Progressives were all too eager to overlook the warning signs in Obama’s brief career, his support for the Patriot Act, for nuclear power, his vote against limiting credit card interest to 30%, his calls for increased defense spending, and his equivocation on full withdrawal from Iraq.  These decisions were mere matters of political expediency, we were assured, not to be taken seriously.

Yet how can political expediency explain Obama’s retreat on NAFTA?  Michigan, Ohio and Pennsylvania are all in play – how many of those voters have been broken on the wheel of NAFTA?  Those who contend that the real Obama will suddenly emerge after the election to overturn an imperial foreign policy and to bring justice to the home front, might be advised not to hold their breath.

Obama desperately needs pressure from the left, and he is amenable to pressure.  Once we on the left agree that this analysis is correct, then we must choose the correct strategy.

So far, blind support of Obama has yielded the same kind of benefits that we got from John Kerry.  With the united left in his pocket, Kerry went from a declared “anti-war” candidate to a thoroughly hawkish one, berating Bush for wimping out in the face of massive civilian casualties in Falluja, and promising to win the Iraq war.  Unconditional support for the Democratic nominee is unconditional surrender, with all the utter powerlessness that the terms imply.

As one alternative, we can complain, write and blog, for all these have their place.  But we are all too good at talking to ourselves, and disparate efforts without a focus are all too easily dismissed.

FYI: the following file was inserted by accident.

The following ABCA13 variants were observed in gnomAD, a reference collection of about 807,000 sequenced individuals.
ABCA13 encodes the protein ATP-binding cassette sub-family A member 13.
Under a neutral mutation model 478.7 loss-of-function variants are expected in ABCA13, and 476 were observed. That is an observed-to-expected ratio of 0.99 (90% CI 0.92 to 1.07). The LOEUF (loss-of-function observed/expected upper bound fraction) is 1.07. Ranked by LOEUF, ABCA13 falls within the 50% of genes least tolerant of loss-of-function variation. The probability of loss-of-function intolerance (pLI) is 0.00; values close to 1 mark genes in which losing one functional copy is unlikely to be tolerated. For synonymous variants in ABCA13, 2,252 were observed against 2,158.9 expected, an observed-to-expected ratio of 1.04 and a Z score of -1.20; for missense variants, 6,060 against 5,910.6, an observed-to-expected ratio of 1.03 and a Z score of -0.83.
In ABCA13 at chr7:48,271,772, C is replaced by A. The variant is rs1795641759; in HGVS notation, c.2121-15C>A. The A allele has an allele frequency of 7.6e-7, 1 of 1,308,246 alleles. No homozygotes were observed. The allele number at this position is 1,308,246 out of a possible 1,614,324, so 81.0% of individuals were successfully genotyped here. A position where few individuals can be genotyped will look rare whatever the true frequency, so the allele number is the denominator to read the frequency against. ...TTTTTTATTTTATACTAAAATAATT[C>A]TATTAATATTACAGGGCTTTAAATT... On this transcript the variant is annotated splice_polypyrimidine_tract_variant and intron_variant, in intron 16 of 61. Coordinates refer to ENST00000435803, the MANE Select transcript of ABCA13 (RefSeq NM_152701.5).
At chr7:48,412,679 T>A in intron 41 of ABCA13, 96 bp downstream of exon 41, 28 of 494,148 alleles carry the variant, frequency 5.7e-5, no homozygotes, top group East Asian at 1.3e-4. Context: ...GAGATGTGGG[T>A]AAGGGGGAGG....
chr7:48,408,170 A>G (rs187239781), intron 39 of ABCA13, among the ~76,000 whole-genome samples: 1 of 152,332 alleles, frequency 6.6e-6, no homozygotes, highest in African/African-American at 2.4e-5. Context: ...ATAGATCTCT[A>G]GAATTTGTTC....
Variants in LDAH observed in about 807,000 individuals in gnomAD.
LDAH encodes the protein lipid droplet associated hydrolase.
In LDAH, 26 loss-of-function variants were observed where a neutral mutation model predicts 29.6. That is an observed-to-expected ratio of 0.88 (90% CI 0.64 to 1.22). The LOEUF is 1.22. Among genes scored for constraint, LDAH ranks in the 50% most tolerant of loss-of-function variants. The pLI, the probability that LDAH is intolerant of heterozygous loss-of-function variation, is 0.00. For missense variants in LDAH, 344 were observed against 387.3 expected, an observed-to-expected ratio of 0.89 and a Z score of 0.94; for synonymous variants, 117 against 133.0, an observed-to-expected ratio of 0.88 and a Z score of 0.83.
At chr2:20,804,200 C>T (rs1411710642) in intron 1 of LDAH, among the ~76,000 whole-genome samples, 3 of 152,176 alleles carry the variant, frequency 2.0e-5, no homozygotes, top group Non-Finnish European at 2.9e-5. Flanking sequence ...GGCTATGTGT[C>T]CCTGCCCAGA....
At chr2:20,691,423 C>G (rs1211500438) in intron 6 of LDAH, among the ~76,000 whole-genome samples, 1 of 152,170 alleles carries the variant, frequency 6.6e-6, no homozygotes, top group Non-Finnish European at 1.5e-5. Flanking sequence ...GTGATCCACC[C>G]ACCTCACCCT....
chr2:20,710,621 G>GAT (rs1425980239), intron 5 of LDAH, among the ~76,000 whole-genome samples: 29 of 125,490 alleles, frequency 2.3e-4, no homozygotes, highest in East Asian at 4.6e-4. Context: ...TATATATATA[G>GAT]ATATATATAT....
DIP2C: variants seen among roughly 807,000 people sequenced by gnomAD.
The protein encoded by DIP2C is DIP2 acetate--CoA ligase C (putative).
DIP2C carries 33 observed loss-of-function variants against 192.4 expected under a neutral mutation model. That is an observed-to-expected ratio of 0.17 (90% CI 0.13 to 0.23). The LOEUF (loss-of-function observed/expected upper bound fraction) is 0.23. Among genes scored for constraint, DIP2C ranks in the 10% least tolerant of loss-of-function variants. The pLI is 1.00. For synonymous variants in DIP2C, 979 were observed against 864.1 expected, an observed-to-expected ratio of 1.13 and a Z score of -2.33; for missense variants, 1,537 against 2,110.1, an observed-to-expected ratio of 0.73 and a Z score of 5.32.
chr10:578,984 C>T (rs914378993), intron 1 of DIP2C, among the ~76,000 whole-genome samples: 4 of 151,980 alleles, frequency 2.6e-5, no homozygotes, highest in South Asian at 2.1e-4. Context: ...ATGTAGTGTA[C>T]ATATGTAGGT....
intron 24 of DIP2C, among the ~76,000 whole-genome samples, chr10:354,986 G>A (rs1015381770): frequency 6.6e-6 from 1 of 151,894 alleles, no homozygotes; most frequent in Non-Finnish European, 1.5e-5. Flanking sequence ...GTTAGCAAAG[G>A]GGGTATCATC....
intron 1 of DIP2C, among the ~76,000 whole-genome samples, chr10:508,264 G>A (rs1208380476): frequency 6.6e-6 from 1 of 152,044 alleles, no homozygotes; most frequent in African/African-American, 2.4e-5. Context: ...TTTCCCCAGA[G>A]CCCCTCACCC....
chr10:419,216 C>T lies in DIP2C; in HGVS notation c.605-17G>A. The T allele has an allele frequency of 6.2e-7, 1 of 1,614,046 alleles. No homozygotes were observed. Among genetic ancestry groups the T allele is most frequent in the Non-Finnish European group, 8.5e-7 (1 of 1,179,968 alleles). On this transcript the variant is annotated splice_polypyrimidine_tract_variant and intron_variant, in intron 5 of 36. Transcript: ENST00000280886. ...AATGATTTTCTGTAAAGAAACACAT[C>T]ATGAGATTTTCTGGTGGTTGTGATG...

We must consider support for Ralph Nader’s campaign.  Nader has been as high as six percent in recent national polls, something he has achieved with only modest support from left intellectuals, and virtually no recognition by corporate media.

Yet Google has announced its intent to hold at least one presidential debate, and has set the bar at 10% support.  It is hard to imagine Obama or McCain snubbing Google, and the prospect of such a debate carries more promise than anything the left has seen in recent memory.

For those who claim that Nader can only hurt Obama, I suggest the opposite is true.  Gore and Kerry were both doomed by the accurate perception that they were corporate to the core.  People knew in their gut that these guys were not on their side.  (In 2004, Kerry fled from a living wage initiative in Florida; it passed nearly three to one.)  It must also be remembered that in 2000, when Nader was at 5%, a full 15% believed he was the best candidate.  More importantly, Nader’s positions are not just majoritarian ones, most enjoy overwhelming public support.  Full military and corporate withdrawal from Iraq, major reductions in the defense budget, a crackdown on corporate crime, single-payer health care, massive investment in renewable energy and conservation, a living wage – these would provide a platform that would send Obama to a historic victory, and all are available for the taking.

Those who insist we must work only within the Democratic Party have clearly failed to hold Obama to his promise.  We must get outside the box.  Obama needs a great big push, and we are the only ones who can give it to him.